For the playful and proudly nerdy couple, swapping out video games for sex games keeps the entertainment factor but adds orgasms. Another perk? Sex games can also help you disclose a kink.

In Dr. Aaron's book Modern Sexuality, he suggests a game based on menus, using the categories "green light," "yellow light," and "red light."

"Green lights are things you really want to do, yellow lights are things you might want to try but are a little anxious about, and red light is something that’s just off limits," he wrote.

After both writing out your kink menus, you exchange lists, and each partner picks one green and one yellow from the other's to try.
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Ask your partner about their kinks.

If you're the type that feels silly playing games, Dr. Aaron's menu suggestion may not be right for you. But the concept of compromise through asking your partner about their fetishes is crucial. Sure, some people may be vanilla to the core, but kinks are like secrets. Whether or not we've gone ahead and come out with them, most of us harbor a few.

"Try asking your partner, 'Are there some things you would like to do that you haven’t said? Are there some scenarios that you’ve never tried that you might find to be exciting?'" Dr. Aaron says.

When it comes to sharing kinks, the most important aspect might just be simply listening to your partner, Dr. Castellanos says.

With a former partner, I was ready to disclose my medical role play fetish. I was young and terrified, and worried they would think I was a total weirdo. So I asked them about their role-playing desires. As it turned out, they harbored a school girl/teacher fetish, and I agreed to try that first. After giving them what they wanted, they were more than willing to explore my own needs.
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Demonstrate acts of love.

Remember in kindergarten when your teacher taught you the importance of being nice to others and treating them with respect? Believe it or not, some of the lessons I learned as a kindergartener have proved fruitful in creating an open environment that feels safe to disclose kinks (sorry, Mrs. Barrows!).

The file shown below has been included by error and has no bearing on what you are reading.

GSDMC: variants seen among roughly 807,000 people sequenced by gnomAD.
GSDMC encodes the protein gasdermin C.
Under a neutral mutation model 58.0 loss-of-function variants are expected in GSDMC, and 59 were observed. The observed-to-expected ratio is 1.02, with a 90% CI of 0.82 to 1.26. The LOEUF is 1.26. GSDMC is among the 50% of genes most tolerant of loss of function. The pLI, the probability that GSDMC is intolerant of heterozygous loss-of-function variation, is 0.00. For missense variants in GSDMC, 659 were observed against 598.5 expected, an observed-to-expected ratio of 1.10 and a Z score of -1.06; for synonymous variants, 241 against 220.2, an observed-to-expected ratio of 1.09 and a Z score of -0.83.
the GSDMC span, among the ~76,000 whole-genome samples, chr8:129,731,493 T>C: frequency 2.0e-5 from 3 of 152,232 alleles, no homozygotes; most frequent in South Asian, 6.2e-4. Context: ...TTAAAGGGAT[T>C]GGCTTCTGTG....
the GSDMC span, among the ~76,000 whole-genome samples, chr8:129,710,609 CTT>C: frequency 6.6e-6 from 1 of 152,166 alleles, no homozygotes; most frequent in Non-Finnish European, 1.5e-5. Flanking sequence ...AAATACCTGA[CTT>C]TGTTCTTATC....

If I get home from work, snap at my partner, and then lock myself in the other room without taking the time to ask how their day was, that sets a bad communication precedent. So when I begin feeling antsy and horny, and I want to enjoy my sex toy and double penetration kink, he'll be less open to trying something that demands such concentration.

However, if I get home and give him a big kiss, help cook dinner, and listen to him talk about his day, I've established intimacy by demonstrating acts of love. And aside from being happy to do that, kinks aside, he's much more likely to be in a giving mood and open to listening and exploring my kink if I'm a loving partner.
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Ease into it.

When it comes to kinks, you don't always have to jump right in — there are plenty of ways to dip your toe into kinky sex with your partner.

If you're into being submissive, when sharing your kink with a new or vanilla partner, asking them to try tying your arms behind your head during missionary sex is a lot less intimidating than asking to have them spit on your face or hogtie you. Be flexible and willing to start slow.

Especially if you're in a long-term relationship that you desire to maintain, understand that there's no need to rush. Before you ask about investing in a jail stand-up cage (link NSFW), start slowly with some handcuffs. See how that goes, and a year or two down the road, you two could have an entire dungeon installed.
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Stand up for yourself.

In an ideal world, you disclose your spanking kink to your partner and they say hell yeah, and you're enjoying impact play (spanking, paddling, hitting, flogging, etc.) mere moments after you talk about it. Sometimes, you may find yourself seeing someone who does not share your kinks, and gives a firm, but respectful, "no" when you disclose a fetish. In those instances, you must accept their limits, and reconsider your sexual compatibility. Yet, if you tell someone you have a fisting fetish, and they mock or shame you for it, stand up for yourself — even if it means ending the relationship.

"There’s a big difference between someone saying, 'You know what? I respect and honor your right to be into whatever you want, as long as it’s consensual, but I’m just not into it,'" Dr. Aaron says. "That is very different than being like, 'That’s disgusting.'"

Always remember that you are a beautiful sexual being worthy of the pleasure you desire, and never put up with assholes who shame you for a fetish.
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Be up front from the get-go.

Want to skip the build up before the kink disclosure conversation altogether? Be open and honest about your fetish from the get-go, and consider searching for partners who share that fetish.

"For the person who really has this exclusive fetish, they should probably seek out a partner in a more specific way, maybe a website like OkCupid or Fetlife," Dr. Aaron says.

Fetlife, a social media platform for kinksters, allows you to join groups and search for partners based on specific kinks. For those with truly hard-wired fetishes, it's a wonderful website to meet partners who share your lifestyle.

"You want to be clear about it right from the start, because if your partner isn't supportive of it, you’re really going to be unhappy in the relationship," Dr. Aaron says.